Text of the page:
Tuesday, 15 October 2013

Surveys say... Really? Because I don't think so!

Do you question it when some solemn TV presenter proclaims 'surveys say' ?

 Because you should.  More and more nonsense is told to us as fact.  Some even say that the public need to be 'educated,' though very often, what causes this statement is that for once, some of  'the public' are not falling for the latest fashion in pure nonsense.

Try these:

A charity – a million Australians come to us for help every year? 

Yes?  1/20th of the population?    No way, though certainly 2% of the population might go to them for help 10 times in a year.

Blood Bank:  1 in 3 Australians will have a life-saving blood transfusion in their life-times. 
Bunkum.  And just a couple of days later, it was rephrased to: 1 in 3 Australians 'depend on life-saving transfusions.'  
So do around 7 million Australian need regular transfusions to maintain life?  Of course, we don't.  Maybe 1 in 20 will need a litre or two of blood once or twice in a lifetime when we have an operation or accident. A very few of those will need more.  Plus there are a very few people who do need regular transfusions for some condition or other.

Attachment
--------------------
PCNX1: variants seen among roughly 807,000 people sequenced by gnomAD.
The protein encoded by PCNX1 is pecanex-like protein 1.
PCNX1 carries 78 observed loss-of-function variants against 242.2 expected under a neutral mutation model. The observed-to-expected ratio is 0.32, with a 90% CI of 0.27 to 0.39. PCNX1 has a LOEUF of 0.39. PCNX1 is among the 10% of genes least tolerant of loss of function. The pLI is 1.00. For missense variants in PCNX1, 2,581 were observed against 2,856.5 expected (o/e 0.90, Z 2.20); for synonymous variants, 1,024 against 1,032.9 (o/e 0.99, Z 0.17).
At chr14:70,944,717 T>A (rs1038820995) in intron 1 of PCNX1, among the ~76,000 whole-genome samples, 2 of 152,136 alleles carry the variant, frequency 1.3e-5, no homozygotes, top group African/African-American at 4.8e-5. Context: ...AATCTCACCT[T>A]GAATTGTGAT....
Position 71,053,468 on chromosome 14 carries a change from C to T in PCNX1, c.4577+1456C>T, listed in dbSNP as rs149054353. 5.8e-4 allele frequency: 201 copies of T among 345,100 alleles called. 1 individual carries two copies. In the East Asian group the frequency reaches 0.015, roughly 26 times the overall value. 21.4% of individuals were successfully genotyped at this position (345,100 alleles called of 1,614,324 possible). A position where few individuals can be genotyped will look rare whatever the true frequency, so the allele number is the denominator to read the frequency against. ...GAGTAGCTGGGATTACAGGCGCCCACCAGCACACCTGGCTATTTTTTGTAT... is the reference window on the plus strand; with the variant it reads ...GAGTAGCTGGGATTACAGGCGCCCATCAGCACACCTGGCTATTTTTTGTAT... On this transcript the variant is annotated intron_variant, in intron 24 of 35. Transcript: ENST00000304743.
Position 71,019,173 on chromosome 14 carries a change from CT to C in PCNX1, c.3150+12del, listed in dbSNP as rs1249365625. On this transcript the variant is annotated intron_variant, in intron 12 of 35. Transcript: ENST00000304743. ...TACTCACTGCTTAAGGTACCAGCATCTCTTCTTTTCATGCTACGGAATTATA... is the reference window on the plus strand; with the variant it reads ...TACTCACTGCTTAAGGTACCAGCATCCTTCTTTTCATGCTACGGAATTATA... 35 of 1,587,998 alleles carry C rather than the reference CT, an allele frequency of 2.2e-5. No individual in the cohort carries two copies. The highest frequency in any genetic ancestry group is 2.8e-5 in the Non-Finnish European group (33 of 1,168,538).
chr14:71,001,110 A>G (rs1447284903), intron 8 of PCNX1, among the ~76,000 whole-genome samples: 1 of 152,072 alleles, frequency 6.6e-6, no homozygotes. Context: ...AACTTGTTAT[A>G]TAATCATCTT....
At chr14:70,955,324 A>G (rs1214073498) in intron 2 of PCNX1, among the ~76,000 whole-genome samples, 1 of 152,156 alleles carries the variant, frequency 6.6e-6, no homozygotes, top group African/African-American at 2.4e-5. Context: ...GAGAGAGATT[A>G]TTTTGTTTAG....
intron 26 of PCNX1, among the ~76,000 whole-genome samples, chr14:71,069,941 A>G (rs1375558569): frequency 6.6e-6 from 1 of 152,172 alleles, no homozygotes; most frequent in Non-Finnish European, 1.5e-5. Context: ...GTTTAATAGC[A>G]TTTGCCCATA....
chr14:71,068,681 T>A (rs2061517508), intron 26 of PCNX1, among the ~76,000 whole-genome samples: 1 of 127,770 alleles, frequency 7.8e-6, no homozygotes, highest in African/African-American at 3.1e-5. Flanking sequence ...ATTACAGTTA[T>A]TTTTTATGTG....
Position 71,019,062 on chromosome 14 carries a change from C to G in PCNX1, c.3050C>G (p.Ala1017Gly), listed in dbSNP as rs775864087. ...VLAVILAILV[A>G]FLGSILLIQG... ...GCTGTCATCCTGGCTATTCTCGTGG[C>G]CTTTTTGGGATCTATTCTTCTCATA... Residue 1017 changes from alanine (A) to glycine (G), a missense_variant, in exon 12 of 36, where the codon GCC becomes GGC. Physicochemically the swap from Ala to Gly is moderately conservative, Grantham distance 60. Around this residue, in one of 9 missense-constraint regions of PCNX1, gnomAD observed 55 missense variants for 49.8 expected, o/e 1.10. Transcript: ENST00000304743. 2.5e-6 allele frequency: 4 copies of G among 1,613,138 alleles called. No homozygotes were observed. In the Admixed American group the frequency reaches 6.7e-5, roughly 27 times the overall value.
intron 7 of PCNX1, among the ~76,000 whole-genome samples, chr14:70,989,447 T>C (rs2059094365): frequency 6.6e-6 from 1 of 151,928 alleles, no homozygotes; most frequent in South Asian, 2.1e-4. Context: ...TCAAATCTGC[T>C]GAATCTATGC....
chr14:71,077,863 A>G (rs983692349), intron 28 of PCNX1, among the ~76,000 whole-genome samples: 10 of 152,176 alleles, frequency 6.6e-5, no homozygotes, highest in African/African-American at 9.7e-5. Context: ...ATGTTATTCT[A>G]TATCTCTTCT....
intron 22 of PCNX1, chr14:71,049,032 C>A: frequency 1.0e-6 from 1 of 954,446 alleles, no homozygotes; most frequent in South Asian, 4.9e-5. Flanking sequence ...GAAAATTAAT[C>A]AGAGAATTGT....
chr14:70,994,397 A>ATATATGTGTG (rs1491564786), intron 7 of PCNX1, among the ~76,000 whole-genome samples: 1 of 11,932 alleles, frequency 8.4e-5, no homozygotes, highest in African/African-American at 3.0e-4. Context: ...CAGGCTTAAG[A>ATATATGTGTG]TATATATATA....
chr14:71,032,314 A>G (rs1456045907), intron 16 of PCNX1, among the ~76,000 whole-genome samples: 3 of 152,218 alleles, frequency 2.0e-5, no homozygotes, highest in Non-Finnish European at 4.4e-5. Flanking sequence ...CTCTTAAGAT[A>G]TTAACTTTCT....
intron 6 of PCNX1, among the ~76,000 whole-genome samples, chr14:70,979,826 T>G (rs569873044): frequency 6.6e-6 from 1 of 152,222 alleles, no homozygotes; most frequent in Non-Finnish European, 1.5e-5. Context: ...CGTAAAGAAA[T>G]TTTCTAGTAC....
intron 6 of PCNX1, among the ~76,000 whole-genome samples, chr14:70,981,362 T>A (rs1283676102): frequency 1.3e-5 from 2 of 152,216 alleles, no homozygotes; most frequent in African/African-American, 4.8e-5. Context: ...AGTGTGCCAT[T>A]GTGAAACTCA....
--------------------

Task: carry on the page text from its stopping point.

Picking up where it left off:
Blood donations are needed, but there is no need for lies to get people to give blood.

Cancer:  20% of the populations will get cancer, and 50% of those will die from it.
10% of us do not die from cancer, yet this ridiculous statement was made as fact in a news bulletin.

'One teenager in every classroom has a gambling problem.'

Well, I'd bet my life that they don't!  

The Red Cross with their door-knock appeal - 'One in five children go to school hungry.'

Well, one in five children might be tempted by an extra hot breakfast if offered, but that does not mean that their parents are not providing breakfast.

It is odd that the chief culprits broadcasting these lies are charities, and other 'do-good' agencies.
'Awareness-raising' for every disease under the sun is a prime culprit, so much so that I think it is more to do with empire-building than anything else.

Of course, if you twist definitions enough, you can come up with unexpected statistics.  But then  it's just as easy to make up your own  'statistics.'  If you're a charity, especially, no-one is likely to call you on it.

Well, I am!  Charity or not, doing good or not,  do not tell us lies.

And people, for goodness sake, think about what you are told. Do not unthinkingly accept an untruth just because the liar is a charity or someone purporting to be a medical authority. 

Want more common sense?  See my related post about reining in the health police,  January, 2013.

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